Search

Living in Survival Mode

Rebecca Hilliard

Guest Blogger


You’re sitting on your couch at home, everything is OK around you, and yet you feel like something terrible is about to happen.

You’re lying in bed, trying to fall asleep, and all you can think about is how you might not make it to the morning.

You’re hanging out with a friend, but you can’t enjoy yourself because you’re distracted by all the things going on around you, looking for the smallest hint of danger.

You’re walking through the grocery store, feeling panicked because it feels like everyone around you could be a threat.

This is what it’s like living in survival mode. This and so much more.

It’s exhausting, it’s miserable, it drains you of all your energy, it makes life so hard, and it’s rarely talked about. When we’re living in survival mode, our brains get stuck in fight, flight, or freeze mode, we’re exhausted, and anxious, and panicked all at the same time, and yet we’re expected to function like someone who doesn’t have to suffer like this.

The pressure to appear ‘normal’ despite our brains never letting us rest or thrive is so difficult. Sometimes it feels like we’re going to run ourselves into the ground trying to keep up with everyone around us who’s not stuck in survival mode.

While other people were growing and developing and forming their identity those of us in survival mode were trying to survive trauma or abuse or neglect. Survival mode doesn’t just happen for no reason. Those of us who are stuck here experienced something that caused our brains to get into this place. Other people were able to develop normally while we were fighting just to survive. It’s not fair and it makes sense that we would feel like we’re at a disadvantage or behind in what our peers are doing.

But the fact that your brain is constantly in survival mode means that you actually survived something really difficult and that’s amazing. Our brain wants to keep functioning this way because it got us through something awful before and it thinks that it will get us through anything else awful that could happen in the present or the future. The thing about living in survival mode, though, is that you never really get to enjoy life. It makes it so hard to see that everything is OK in the present because your brain is constantly reporting the worst case scenario. There are people in your life that you love. Your brain tells you that they’re going to die and you’re going to end up alone so that you’re prepared for it. You have enough money to pay your bills? Your brain tells you that you’re going to run out of money anyway and end up homeless so that you’re prepared for it when it happens. Over and over again it tries to ‘prepare’ you and it’s hard to not believe what your brain is saying.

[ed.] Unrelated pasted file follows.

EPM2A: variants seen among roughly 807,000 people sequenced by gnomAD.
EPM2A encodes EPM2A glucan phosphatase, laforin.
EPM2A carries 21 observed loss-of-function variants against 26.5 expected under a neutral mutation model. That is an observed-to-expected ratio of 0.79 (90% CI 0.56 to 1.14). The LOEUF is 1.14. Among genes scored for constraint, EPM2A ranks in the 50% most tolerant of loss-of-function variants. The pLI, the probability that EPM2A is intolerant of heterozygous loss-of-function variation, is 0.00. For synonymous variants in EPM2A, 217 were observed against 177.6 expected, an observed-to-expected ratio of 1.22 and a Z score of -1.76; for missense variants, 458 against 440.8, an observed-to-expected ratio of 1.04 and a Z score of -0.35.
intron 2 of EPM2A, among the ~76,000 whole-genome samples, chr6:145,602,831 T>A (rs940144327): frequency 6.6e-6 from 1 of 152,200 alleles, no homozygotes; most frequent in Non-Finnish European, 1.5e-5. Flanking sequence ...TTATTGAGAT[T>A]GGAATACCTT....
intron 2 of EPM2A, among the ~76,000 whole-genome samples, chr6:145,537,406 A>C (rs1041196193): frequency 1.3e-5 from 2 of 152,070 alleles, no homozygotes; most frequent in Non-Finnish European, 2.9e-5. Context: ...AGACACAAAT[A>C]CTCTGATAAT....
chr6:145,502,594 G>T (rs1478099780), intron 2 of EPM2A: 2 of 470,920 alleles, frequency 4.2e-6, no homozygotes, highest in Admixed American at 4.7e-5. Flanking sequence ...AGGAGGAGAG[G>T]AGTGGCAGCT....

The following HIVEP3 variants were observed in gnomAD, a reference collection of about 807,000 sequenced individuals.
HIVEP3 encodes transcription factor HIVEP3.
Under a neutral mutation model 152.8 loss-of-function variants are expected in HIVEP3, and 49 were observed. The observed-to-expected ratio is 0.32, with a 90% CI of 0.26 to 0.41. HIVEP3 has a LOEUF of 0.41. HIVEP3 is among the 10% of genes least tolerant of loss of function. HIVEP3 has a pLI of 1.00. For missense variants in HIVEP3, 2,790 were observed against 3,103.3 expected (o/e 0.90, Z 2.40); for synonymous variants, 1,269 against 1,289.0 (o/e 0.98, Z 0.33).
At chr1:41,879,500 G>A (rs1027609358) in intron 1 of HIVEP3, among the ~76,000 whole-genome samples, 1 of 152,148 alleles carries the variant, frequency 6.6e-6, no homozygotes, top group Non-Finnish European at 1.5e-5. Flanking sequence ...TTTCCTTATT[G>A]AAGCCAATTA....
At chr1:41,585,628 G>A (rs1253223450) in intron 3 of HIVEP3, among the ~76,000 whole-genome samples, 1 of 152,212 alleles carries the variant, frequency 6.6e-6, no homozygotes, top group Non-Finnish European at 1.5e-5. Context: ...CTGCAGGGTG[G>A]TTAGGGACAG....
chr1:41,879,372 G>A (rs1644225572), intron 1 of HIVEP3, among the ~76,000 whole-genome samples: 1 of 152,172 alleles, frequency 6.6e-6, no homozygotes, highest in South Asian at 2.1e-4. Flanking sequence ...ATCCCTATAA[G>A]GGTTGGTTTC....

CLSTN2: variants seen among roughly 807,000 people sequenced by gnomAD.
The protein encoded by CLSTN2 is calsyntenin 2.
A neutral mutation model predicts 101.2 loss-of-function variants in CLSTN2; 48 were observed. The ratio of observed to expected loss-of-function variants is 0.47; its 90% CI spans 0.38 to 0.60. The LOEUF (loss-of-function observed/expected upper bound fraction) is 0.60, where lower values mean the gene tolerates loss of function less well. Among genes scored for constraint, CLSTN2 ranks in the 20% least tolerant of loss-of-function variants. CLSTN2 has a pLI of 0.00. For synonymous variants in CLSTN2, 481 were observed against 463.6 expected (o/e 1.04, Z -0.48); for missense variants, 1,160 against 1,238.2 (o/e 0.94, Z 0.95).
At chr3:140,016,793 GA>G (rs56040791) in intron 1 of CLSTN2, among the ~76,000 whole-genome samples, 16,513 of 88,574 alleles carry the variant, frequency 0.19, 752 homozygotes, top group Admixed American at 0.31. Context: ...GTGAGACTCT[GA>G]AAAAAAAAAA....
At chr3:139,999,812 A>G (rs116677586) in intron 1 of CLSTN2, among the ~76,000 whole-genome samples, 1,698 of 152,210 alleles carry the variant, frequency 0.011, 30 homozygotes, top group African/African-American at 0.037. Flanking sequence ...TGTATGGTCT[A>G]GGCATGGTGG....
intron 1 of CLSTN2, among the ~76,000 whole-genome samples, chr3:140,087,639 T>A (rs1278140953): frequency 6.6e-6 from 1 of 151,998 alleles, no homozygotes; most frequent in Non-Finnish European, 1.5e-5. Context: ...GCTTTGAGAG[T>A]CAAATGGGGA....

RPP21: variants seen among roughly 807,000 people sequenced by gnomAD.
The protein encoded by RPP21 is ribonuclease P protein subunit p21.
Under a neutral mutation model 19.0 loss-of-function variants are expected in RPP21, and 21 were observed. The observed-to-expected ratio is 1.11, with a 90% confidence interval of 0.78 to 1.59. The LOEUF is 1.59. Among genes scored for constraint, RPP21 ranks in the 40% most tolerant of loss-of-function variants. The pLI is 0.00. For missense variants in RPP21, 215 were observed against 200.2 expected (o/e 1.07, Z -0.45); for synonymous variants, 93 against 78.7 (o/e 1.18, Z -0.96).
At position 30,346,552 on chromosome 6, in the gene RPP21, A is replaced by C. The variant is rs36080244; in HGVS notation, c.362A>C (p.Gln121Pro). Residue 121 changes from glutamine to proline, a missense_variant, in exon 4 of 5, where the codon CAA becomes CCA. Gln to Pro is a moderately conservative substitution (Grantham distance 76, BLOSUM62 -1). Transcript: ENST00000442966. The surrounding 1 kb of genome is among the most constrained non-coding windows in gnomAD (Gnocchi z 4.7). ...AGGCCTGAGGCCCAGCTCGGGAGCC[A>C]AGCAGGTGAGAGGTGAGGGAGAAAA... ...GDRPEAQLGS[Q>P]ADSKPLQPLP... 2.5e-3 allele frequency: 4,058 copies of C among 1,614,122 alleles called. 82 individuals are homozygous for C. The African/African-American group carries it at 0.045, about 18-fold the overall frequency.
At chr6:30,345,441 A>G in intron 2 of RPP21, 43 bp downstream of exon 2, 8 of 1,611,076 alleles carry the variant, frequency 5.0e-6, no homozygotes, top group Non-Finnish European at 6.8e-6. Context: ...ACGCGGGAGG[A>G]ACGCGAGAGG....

If you’re living in survival mode right now, you are not alone. A lot of people are. It’s not talked about a lot, but there are a lot of us suffering this way. Healing is possible though. With a good therapist, sometimes medication, and people around you who understand you, you can teach your brain to shift out of survival mode. The brain is malleable and can literally be reformed to think differently. Sometimes it takes a while and it can be a lot of work but it’s worth it. Therapy is worth it. If you don’t have anyone around you who understands, it’s OK. There are other ways to find support. One of them is through the WhiteFlag App. Through the app, you can meet other people who are going through or have experienced the same things as you. You can meet people there who will understand. It’s a great way to find a community and to feel less alone. Because you are not alone in this.

__________


Get support. Give support. Download the app today.